The Russians can play funny sometimes (ask American Airlines). Also it is at this time of year the PLA Air Force conduct their major exercises, especially in the Nanjing Military Region, which could be a contributing factor in planning routes. These usually continue on until mid-November.
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Last edited by Nicc HK; Aug 17, 20 at 7:10 am
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Old Aug 17, 20, 8:26 am
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It is about jet stream. Airlines can save fuel with the help of it, or sometimes they have to find an optimum route to avoid it. Sometimes JFK-HKG flights will fly to the east right after take-off and cross the Atlantic and the Europe.
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Old Aug 17, 20, 12:02 pm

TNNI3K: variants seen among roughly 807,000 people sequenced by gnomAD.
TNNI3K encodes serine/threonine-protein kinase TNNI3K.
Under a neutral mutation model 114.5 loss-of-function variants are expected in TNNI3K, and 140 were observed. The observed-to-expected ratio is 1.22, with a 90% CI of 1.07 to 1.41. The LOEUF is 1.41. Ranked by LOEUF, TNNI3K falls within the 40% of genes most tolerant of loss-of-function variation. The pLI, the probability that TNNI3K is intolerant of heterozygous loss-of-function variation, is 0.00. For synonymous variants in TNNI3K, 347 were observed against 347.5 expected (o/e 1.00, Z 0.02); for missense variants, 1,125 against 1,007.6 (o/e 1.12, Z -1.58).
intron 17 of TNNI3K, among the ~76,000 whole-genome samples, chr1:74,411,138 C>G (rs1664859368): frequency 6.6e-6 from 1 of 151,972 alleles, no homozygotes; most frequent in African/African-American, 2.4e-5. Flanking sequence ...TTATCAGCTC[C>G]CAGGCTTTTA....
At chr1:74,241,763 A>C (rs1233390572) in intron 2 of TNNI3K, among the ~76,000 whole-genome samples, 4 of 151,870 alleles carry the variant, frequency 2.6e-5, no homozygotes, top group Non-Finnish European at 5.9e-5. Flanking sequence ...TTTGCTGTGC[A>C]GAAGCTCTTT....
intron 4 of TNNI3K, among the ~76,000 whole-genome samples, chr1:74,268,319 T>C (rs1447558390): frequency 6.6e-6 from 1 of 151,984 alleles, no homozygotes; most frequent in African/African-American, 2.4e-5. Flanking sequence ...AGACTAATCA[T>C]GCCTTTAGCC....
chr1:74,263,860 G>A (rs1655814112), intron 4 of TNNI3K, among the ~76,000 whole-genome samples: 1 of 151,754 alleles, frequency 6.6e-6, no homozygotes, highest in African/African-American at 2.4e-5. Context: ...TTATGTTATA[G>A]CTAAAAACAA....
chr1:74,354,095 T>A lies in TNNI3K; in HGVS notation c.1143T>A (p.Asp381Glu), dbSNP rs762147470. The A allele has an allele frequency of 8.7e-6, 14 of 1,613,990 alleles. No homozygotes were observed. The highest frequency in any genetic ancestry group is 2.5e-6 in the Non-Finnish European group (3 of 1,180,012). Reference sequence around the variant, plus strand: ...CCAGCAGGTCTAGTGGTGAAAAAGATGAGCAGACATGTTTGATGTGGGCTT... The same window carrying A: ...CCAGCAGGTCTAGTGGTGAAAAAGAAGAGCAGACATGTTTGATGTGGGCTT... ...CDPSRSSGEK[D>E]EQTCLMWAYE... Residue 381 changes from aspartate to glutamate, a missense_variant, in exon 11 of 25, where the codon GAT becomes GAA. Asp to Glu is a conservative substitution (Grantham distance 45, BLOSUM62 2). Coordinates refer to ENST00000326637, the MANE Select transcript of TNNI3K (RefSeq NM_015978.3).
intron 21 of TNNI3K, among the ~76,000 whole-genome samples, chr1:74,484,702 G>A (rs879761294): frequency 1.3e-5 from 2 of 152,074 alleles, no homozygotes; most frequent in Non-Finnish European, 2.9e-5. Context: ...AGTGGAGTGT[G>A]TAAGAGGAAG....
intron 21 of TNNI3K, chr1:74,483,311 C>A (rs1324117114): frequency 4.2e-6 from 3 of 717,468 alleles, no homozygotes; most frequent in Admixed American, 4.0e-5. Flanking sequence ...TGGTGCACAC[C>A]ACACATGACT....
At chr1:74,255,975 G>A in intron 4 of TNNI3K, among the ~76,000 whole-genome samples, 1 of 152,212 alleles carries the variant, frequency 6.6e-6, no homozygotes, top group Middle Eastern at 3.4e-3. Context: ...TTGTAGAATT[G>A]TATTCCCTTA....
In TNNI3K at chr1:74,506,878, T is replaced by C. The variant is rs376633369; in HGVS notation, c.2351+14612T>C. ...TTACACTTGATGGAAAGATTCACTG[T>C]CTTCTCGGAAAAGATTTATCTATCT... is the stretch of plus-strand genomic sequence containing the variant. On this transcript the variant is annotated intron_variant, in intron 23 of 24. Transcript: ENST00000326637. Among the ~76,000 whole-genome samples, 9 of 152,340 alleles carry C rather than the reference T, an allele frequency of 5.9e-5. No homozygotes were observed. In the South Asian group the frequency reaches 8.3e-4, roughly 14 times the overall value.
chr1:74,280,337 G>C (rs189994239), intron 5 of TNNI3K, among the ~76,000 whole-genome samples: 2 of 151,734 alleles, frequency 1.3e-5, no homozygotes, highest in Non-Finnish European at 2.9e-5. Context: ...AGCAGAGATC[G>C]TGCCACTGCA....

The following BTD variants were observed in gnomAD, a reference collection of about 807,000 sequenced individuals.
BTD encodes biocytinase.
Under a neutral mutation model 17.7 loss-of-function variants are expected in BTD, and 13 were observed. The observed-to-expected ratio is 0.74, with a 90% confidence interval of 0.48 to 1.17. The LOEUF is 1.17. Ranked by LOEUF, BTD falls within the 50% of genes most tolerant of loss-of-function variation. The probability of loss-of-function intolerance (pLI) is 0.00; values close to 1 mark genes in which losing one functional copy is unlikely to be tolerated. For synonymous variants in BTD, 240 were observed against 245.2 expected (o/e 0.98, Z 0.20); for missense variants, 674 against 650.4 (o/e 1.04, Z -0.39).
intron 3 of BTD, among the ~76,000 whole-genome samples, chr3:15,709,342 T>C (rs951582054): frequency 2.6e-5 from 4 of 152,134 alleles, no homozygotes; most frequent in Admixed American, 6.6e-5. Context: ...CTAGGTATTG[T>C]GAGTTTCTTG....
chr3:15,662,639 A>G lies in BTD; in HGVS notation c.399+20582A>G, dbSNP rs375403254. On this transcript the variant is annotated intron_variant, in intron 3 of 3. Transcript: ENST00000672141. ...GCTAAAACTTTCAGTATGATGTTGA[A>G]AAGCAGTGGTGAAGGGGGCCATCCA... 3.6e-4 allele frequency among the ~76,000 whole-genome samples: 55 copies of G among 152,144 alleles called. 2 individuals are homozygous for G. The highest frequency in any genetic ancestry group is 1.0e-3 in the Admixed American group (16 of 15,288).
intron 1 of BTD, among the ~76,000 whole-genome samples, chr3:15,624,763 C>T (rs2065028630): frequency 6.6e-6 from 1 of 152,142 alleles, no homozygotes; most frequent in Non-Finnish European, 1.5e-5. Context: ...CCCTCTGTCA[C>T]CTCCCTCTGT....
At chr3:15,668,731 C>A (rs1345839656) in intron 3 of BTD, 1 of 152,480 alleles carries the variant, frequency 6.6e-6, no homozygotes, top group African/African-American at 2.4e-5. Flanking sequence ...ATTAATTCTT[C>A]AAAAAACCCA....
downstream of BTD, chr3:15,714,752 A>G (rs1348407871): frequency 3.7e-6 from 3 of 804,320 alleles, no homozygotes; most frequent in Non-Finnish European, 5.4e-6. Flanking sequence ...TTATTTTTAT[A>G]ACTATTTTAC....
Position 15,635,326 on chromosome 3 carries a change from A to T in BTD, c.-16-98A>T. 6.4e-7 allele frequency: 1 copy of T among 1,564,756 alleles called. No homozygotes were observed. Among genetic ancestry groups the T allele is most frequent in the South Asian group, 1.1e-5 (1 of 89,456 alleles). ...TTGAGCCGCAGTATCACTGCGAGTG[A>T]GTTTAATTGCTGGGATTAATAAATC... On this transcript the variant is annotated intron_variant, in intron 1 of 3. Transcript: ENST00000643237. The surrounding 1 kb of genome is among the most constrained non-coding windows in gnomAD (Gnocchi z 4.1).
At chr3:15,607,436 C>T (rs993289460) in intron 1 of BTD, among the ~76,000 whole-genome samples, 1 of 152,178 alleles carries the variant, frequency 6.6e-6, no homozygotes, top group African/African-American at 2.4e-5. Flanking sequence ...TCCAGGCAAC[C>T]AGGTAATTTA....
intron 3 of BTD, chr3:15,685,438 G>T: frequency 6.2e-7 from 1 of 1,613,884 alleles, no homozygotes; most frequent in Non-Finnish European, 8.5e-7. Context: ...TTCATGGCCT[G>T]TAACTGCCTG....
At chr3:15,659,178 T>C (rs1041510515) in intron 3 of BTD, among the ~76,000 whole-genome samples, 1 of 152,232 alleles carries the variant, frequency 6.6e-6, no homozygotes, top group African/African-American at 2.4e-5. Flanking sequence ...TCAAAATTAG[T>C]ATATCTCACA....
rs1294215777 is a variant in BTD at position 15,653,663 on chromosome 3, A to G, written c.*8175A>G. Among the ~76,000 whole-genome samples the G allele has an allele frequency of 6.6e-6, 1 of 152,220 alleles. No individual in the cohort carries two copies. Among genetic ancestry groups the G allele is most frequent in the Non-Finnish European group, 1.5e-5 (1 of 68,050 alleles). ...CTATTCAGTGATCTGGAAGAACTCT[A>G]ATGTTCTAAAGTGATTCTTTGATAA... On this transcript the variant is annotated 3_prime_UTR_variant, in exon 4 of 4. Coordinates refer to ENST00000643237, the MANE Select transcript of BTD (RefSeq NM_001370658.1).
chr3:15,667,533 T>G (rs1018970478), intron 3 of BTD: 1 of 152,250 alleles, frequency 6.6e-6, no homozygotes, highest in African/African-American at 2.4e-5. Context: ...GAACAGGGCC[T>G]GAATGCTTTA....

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Originally Posted by Reply1984 View Post
It is about jet stream. Airlines can save fuel with the help of it, or sometimes they have to find an optimum route to avoid it. Sometimes JFK-HKG flights will fly to the east right after take-off and cross the Atlantic and the Europe.
I had a HKG YYZ flight which hit land around YVR, landed almost one hour ahead.
Pilot friends say you set the plane into the jet stream and it gets blown to your destination.
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Old Aug 17, 20, 5:16 pm
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It's all about the winds aloft. Currently they are favoring lower latitudes.
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Old Aug 17, 20, 7:32 pm
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Originally Posted by 757FO View Post